Answers for Your Heel and Arch Pain
Heel and arch pain issues bring many patients in to see us here at Kansas Foot Center. The good news is that many of the conditions responsible for these symptoms are effectively treated with conservative care measures. Even better, most can be prevented with some easy measures. A little understanding goes a long way towards keeping you safe from these common problems!
This is the most common cause of heel pain for adult patients. Whenever you wake in the morning and experience a sharp, stabbing pain under your heel with your first steps, plantar fasciitis is the most likely explanation. This overuse injury comes from inflammation in a band of fibrous tissue—your plantar fascia—running along the bottom of your foot. The pain is often worse after extended periods of rest, which is explained by the fact that the body has been repairing the damaged tissue, but tears are reopened when each step stresses the fascia again.
Pain in the back of the heel that accompanies physical activity may very well be a condition known as Achilles tendinitis. As with plantar fasciitis, this is an overuse injury and is particularly prevalent when you start new activities or suddenly increased your running pattern. This injury is especially common for individuals who begin a new workout program or suddenly turn up the intensity of their training.
Sever’s disease is a condition often experienced by growing boys and girls, particularly those who are active, between the ages of 8 and 13. The primary symptom is pain in the heel area that is caused by irritation in the growth plate of the bone. If your son or daughter doesn’t complain about pain, but starts to back away from favorite physical activities, this might very well be the explanation.
Pump Bump (Haglund’s Deformity)
Technically known as “Haglund’s deformity,” pump bump gets its apt nickname from the fact it is commonly experienced by women who wear high heels (pumps). This condition is marked by a bony protrusion on the back of the heel, which results in pain when it pressures soft tissues in the area.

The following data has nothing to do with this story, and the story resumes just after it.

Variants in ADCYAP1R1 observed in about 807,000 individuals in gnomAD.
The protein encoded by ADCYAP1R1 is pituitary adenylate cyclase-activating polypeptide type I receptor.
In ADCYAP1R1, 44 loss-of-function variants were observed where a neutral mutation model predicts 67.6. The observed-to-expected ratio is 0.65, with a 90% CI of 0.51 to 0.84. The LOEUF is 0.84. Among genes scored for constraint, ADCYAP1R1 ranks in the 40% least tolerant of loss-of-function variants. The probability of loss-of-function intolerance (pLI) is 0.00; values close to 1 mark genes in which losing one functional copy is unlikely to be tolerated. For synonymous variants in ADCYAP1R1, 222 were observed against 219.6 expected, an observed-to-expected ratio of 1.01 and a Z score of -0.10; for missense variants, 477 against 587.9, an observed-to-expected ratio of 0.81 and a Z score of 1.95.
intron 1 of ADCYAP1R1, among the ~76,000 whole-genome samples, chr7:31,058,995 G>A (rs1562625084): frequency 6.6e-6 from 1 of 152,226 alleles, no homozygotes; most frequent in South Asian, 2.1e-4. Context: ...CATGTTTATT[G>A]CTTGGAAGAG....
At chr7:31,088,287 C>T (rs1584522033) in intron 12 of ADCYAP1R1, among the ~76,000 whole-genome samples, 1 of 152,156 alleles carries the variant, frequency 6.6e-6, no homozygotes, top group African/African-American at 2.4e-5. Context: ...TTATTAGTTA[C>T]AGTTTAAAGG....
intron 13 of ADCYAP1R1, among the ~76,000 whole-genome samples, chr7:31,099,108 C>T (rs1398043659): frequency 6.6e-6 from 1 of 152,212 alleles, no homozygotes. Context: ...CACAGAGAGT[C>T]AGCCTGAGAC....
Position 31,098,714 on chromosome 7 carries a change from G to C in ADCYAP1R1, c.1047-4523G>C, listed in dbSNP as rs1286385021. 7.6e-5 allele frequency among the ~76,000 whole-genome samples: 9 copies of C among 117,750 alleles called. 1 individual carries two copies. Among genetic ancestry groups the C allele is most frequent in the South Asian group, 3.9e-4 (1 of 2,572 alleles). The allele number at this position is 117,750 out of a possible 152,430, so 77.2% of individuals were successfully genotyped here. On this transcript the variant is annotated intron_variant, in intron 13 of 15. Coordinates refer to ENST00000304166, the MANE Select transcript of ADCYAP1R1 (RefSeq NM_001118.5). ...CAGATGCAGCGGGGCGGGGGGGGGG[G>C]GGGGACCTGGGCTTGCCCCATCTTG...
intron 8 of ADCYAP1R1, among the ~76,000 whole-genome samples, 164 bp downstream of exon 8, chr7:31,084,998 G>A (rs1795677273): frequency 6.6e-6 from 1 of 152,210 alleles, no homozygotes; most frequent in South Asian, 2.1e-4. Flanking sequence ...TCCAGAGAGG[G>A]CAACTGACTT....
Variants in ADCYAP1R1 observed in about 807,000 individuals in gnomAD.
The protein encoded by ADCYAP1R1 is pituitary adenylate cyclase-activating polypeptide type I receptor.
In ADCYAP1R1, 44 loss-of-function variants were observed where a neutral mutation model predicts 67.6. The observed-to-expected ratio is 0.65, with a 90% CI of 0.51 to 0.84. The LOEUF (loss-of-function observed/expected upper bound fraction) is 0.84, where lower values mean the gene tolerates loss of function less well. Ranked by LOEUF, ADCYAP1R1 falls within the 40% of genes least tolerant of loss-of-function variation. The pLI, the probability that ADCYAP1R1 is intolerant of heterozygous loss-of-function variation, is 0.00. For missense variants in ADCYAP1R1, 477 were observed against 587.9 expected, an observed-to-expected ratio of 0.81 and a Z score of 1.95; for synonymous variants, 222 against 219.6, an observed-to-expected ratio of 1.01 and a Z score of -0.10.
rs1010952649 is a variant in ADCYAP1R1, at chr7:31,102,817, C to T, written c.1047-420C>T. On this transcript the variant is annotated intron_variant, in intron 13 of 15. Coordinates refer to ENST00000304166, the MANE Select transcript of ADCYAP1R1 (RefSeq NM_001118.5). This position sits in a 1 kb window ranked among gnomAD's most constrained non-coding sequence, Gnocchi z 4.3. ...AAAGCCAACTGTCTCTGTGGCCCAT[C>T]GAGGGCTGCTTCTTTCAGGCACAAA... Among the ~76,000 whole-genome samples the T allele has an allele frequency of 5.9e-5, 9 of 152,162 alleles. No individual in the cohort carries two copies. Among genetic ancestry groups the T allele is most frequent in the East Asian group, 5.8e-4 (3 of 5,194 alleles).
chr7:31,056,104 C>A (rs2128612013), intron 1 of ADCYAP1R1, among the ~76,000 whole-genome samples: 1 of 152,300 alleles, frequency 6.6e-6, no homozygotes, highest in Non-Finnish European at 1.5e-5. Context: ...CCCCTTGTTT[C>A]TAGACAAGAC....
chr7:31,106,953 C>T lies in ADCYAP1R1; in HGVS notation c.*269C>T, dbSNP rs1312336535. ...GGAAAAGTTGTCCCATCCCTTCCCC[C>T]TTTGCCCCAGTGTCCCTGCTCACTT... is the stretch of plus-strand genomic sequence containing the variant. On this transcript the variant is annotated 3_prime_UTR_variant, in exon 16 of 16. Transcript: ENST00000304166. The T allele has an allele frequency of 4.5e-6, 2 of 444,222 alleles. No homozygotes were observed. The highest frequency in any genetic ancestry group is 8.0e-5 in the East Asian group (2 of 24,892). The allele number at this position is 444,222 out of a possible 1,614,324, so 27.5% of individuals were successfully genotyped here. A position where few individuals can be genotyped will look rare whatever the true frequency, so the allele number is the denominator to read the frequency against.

Another possible reason you or a family member may be experiencing heel or arch pain is simply physical injury. When the heel is hit with substantial physical trauma, it could lead to bruising or even a fracture that causes sharp pain when you walk.
How Is Heel Pain Treated?
When you experience pain in your arch or heel, take comfort in the fact that conservative care is often quite effective in treating these conditions. Surgery may be required in some cases, but those are rather rare. The specific care we provide will naturally depend on the issue that is affecting you, but medication, physical therapy, orthotics, exercise, and changes in footwear may be enough to provide the relief you need.
Can Heel Pain Be Prevented?
Many heel and arch issues can be prevented by proper shoe choices and other techniques. We want you to avoid painful conditions in the first place, so be sure to:
- Choose shoes that fit you properly, provide adequate arch support, help absorb shock, and are comfortable. The right pair of shoes is essential for preventing a wide range of foot and ankle issues, so always be careful when buying new footwear.
- Avoid the problems and issues that come with overtraining by using cross-training. Swap some of the days of high-impact activities with ones that feature low-impact exercises. Swimming, bicycling, and yoga are great exercises to try.
- Always make sure you warm up and stretch properly prior to (and following) exercise or physical activity.
- Avoid the temptation to attempt “too much, too soon” when starting a new workout program. Instead, make a gradual progression in your levels of intensity and duration of your workouts.
Heel and Arch Pain Treatment in Wichita, KS
Our medical professionals at Kansas Foot Center are ready to assist you and provide care for any condition that might be affecting your heel or foot arches. Dr. Thomas D. Truong will provide the effective care you need, so reach out and contact us today. Schedule an appointment online or simply call our Wichita, KS office at (866) 222-5177.